How to Choose Between Blog Posts and Contributed Articles

By Anton MolodetskiyFebruary 27, 2018

Today’s technology market – with more than 32,000 startups competing for mindshare in Silicon Valley alone – guarantees that virtually every company creates and publishes a variety of written material, promoting everything from its CEO, brand, industry position, or a current or future product. That’s a lot of content.

Ideally, this content is part of an integrated marketing and communications strategy that includes everything from company-specific press releases and white papers to blog posts and contributed articles. The former two are often straightforward. The latter (blog posts and contributed articles) require a more engaging, educational, editorialized – and sometimes even entertaining – approach. Their objective is to position the company or an executive as a compelling source of information and create what most PR firms and communications departments consider the holy grail of content creation – “thought leadership” – for the author.

Although thought leadership is a popular goal, it’s surprising how frequently many communications pros misunderstand the difference between blog posts and contributed articles. Knowing the nuances of the two formats is key in making the right call when deciding where to publish a piece of content.

What’s a blog for?

Corporate blogging has been around for nearly as long as, yet many companies are still unsure how best to use blogs and often ignore them altogether. A well-composed blog should function as an extension of an organization’s external communications program and serve as a window into the company and its secret sauce. It can also be an opportunity to showcase employees’ expertise and insights.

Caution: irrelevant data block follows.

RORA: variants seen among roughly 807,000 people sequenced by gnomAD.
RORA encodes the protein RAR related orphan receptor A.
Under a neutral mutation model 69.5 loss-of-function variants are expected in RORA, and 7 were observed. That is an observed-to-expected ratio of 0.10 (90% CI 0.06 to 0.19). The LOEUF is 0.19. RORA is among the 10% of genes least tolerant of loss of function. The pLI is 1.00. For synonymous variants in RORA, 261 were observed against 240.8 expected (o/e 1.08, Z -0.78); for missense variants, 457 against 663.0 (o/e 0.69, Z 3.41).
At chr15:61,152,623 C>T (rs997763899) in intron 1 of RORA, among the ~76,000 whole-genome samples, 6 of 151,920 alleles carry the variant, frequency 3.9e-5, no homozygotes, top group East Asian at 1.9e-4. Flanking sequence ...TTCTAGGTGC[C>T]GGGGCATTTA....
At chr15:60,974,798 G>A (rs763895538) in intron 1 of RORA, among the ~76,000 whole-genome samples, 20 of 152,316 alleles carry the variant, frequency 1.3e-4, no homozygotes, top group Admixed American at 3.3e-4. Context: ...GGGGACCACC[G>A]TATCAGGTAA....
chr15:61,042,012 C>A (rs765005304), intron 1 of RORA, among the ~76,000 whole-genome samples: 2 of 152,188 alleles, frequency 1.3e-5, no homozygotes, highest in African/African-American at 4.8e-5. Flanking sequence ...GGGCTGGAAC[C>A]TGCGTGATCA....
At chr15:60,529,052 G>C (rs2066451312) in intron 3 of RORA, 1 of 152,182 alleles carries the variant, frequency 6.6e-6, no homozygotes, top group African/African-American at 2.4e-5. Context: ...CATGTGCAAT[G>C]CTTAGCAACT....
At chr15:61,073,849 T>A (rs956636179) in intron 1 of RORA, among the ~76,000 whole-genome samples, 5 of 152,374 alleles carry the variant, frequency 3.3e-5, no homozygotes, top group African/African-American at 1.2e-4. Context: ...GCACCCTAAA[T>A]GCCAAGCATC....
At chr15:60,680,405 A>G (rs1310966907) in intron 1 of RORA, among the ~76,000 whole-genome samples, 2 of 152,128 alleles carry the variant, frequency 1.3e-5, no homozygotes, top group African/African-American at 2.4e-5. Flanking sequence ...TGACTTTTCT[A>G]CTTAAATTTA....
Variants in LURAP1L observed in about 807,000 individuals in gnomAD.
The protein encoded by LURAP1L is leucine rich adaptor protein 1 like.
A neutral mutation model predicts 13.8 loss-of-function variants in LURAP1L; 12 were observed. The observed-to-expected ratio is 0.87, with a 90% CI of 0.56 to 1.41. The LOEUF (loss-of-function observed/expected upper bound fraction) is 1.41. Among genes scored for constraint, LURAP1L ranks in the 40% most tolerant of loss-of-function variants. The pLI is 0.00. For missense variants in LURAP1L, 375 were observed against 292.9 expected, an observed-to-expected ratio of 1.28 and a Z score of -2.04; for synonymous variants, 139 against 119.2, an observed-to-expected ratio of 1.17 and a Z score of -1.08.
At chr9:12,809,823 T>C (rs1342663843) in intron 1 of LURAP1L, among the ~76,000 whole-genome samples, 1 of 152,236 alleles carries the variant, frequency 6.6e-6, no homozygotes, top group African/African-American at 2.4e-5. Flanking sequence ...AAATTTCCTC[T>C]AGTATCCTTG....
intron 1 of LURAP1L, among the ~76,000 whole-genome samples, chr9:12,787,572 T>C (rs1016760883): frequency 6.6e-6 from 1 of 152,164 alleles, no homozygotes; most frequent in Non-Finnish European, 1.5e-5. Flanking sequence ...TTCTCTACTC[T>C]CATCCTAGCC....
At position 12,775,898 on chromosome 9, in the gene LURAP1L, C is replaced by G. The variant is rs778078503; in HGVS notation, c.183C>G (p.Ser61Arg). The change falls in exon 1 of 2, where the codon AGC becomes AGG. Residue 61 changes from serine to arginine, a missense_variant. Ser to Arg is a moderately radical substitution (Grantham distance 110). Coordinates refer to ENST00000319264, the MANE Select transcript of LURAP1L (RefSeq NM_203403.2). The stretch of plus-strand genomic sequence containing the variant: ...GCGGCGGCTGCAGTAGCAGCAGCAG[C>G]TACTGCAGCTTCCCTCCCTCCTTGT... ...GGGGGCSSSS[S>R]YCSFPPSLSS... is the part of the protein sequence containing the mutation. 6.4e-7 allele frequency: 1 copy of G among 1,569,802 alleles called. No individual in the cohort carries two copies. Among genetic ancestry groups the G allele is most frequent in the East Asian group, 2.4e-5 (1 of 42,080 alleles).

In the B2B technology domain, successful corporate blogs generally come in two varieties: 1) an engineering blog, which showcases the details of new product features and technologies and gives technical buyers, customers and community members utilization and troubleshooting tips; or 2) a thought leadership blog, which provides executive buyers, customers, industry influencers, potential hires and existing employees a flavor for the corporate brand and industry perspective. Thought leadership blogs usually have some or all of the following features:

• Product announcements and other company news: Blog posts are effective extensions of company press releases and new product announcements. These offer additional viewpoints and executive opinions about news announcements and may provide insights and opinions to supplement news releases or company studies.

• Select internal communications updates: A text-based parallel to a company Instagram, these posts might offer a humanizing look inside the business and showcase such things as employee achievements, company outings or industry awards. These posts may also showcase a company’s values and work culture for existing and potential new hires.